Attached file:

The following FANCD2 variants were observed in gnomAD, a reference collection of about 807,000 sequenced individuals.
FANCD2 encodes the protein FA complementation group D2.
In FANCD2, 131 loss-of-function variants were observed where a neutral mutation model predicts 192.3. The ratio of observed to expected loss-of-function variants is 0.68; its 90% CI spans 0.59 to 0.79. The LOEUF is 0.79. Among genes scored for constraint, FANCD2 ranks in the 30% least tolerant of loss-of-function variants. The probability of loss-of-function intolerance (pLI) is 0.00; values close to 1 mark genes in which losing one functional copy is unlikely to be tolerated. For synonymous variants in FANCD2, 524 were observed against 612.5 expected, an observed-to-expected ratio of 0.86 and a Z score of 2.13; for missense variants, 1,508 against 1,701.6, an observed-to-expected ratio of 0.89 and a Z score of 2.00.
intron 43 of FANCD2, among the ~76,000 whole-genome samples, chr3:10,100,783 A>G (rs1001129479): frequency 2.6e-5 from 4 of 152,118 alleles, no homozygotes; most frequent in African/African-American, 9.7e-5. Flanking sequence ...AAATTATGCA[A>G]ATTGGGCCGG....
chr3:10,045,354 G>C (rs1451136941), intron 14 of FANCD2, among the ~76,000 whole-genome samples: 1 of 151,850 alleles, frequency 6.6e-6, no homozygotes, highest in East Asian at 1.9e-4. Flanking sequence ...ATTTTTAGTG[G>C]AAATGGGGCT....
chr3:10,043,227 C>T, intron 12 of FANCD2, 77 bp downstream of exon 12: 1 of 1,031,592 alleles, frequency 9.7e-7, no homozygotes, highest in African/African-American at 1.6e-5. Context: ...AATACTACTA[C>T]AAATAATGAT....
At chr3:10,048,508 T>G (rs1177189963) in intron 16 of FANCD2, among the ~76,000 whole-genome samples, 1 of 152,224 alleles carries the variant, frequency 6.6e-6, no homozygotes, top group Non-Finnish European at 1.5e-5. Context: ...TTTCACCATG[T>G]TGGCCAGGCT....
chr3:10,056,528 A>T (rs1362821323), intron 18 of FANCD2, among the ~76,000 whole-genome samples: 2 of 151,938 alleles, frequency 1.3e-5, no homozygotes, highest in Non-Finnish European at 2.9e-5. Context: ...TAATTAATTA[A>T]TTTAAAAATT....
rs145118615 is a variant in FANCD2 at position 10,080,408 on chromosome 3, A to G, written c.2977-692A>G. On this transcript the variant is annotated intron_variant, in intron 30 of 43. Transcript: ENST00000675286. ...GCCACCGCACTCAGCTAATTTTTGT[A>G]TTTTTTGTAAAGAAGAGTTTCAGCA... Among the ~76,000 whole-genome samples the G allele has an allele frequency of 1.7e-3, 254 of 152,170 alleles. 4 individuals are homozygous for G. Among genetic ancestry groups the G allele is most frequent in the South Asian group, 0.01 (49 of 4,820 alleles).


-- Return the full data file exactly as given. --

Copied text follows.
The following FANCD2 variants were observed in gnomAD, a reference collection of about 807,000 sequenced individuals.
FANCD2 encodes the protein FA complementation group D2.
In FANCD2, 131 loss-of-function variants were observed where a neutral mutation model predicts 192.3. The ratio of observed to expected loss-of-function variants is 0.68; its 90% CI spans 0.59 to 0.79. The LOEUF is 0.79. Among genes scored for constraint, FANCD2 ranks in the 30% least tolerant of loss-of-function variants. The probability of loss-of-function intolerance (pLI) is 0.00; values close to 1 mark genes in which losing one functional copy is unlikely to be tolerated. For synonymous variants in FANCD2, 524 were observed against 612.5 expected, an observed-to-expected ratio of 0.86 and a Z score of 2.13; for missense variants, 1,508 against 1,701.6, an observed-to-expected ratio of 0.89 and a Z score of 2.00.
intron 43 of FANCD2, among the ~76,000 whole-genome samples, chr3:10,100,783 A>G (rs1001129479): frequency 2.6e-5 from 4 of 152,118 alleles, no homozygotes; most frequent in African/African-American, 9.7e-5. Flanking sequence ...AAATTATGCA[A>G]ATTGGGCCGG....
chr3:10,045,354 G>C (rs1451136941), intron 14 of FANCD2, among the ~76,000 whole-genome samples: 1 of 151,850 alleles, frequency 6.6e-6, no homozygotes, highest in East Asian at 1.9e-4. Flanking sequence ...ATTTTTAGTG[G>C]AAATGGGGCT....
chr3:10,043,227 C>T, intron 12 of FANCD2, 77 bp downstream of exon 12: 1 of 1,031,592 alleles, frequency 9.7e-7, no homozygotes, highest in African/African-American at 1.6e-5. Context: ...AATACTACTA[C>T]AAATAATGAT....
At chr3:10,048,508 T>G (rs1177189963) in intron 16 of FANCD2, among the ~76,000 whole-genome samples, 1 of 152,224 alleles carries the variant, frequency 6.6e-6, no homozygotes, top group Non-Finnish European at 1.5e-5. Context: ...TTTCACCATG[T>G]TGGCCAGGCT....
chr3:10,056,528 A>T (rs1362821323), intron 18 of FANCD2, among the ~76,000 whole-genome samples: 2 of 151,938 alleles, frequency 1.3e-5, no homozygotes, highest in Non-Finnish European at 2.9e-5. Context: ...TAATTAATTA[A>T]TTTAAAAATT....
rs145118615 is a variant in FANCD2 at position 10,080,408 on chromosome 3, A to G, written c.2977-692A>G. On this transcript the variant is annotated intron_variant, in intron 30 of 43. Transcript: ENST00000675286. ...GCCACCGCACTCAGCTAATTTTTGT[A>G]TTTTTTGTAAAGAAGAGTTTCAGCA... Among the ~76,000 whole-genome samples the G allele has an allele frequency of 1.7e-3, 254 of 152,170 alleles. 4 individuals are homozygous for G. Among genetic ancestry groups the G allele is most frequent in the South Asian group, 0.01 (49 of 4,820 alleles).